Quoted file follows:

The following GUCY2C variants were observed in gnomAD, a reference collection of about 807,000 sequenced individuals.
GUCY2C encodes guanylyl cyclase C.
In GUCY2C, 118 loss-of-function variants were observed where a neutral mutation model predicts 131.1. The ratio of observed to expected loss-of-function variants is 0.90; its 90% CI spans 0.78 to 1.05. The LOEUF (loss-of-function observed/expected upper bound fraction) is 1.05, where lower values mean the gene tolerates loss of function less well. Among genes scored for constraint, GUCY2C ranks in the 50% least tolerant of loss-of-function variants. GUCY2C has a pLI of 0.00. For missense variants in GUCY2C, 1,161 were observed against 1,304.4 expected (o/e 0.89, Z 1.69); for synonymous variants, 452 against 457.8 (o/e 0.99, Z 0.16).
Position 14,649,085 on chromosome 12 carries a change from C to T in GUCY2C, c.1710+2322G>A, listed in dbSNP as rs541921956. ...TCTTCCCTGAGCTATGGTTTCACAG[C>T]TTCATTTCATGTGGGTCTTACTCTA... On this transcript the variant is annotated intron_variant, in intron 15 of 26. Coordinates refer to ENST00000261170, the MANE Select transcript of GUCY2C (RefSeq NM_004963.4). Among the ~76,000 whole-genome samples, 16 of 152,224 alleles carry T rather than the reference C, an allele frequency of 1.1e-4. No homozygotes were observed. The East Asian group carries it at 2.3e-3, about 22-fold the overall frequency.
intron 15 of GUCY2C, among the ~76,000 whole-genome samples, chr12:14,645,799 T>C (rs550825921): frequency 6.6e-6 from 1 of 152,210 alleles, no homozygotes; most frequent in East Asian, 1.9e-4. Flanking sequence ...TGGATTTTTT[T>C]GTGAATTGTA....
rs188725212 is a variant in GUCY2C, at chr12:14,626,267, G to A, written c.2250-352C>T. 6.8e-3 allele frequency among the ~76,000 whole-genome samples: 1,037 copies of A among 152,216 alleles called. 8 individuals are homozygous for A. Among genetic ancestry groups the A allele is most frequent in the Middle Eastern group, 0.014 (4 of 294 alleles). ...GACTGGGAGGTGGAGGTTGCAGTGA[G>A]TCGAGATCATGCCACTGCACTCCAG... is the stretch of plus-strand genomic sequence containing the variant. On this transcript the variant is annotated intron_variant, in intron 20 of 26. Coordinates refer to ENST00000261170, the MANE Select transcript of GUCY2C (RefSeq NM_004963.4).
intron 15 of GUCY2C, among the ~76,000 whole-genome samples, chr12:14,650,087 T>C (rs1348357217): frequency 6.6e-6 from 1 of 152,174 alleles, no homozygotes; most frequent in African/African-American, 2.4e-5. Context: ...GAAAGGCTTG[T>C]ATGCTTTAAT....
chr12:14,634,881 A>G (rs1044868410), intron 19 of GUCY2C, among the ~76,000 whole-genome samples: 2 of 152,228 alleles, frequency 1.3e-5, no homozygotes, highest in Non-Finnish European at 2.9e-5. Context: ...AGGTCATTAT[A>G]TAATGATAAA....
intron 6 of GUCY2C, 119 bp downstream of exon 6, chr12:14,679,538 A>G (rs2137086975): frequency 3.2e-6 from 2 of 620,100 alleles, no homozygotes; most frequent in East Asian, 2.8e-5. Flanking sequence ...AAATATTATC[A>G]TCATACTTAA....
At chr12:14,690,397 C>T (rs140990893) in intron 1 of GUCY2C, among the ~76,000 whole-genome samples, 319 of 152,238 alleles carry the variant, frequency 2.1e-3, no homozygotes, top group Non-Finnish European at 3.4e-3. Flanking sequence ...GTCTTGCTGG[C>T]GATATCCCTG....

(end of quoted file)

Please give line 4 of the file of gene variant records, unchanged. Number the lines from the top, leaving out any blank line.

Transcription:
Position 14,649,085 on chromosome 12 carries a change from C to T in GUCY2C, c.1710+2322G>A, listed in dbSNP as rs541921956. ...TCTTCCCTGAGCTATGGTTTCACAG[C>T]TTCATTTCATGTGGGTCTTACTCTA... On this transcript the variant is annotated intron_variant, in intron 15 of 26. Coordinates refer to ENST00000261170, the MANE Select transcript of GUCY2C (RefSeq NM_004963.4). Among the ~76,000 whole-genome samples, 16 of 152,224 alleles carry T rather than the reference C, an allele frequency of 1.1e-4. No homozygotes were observed. The East Asian group carries it at 2.3e-3, about 22-fold the overall frequency.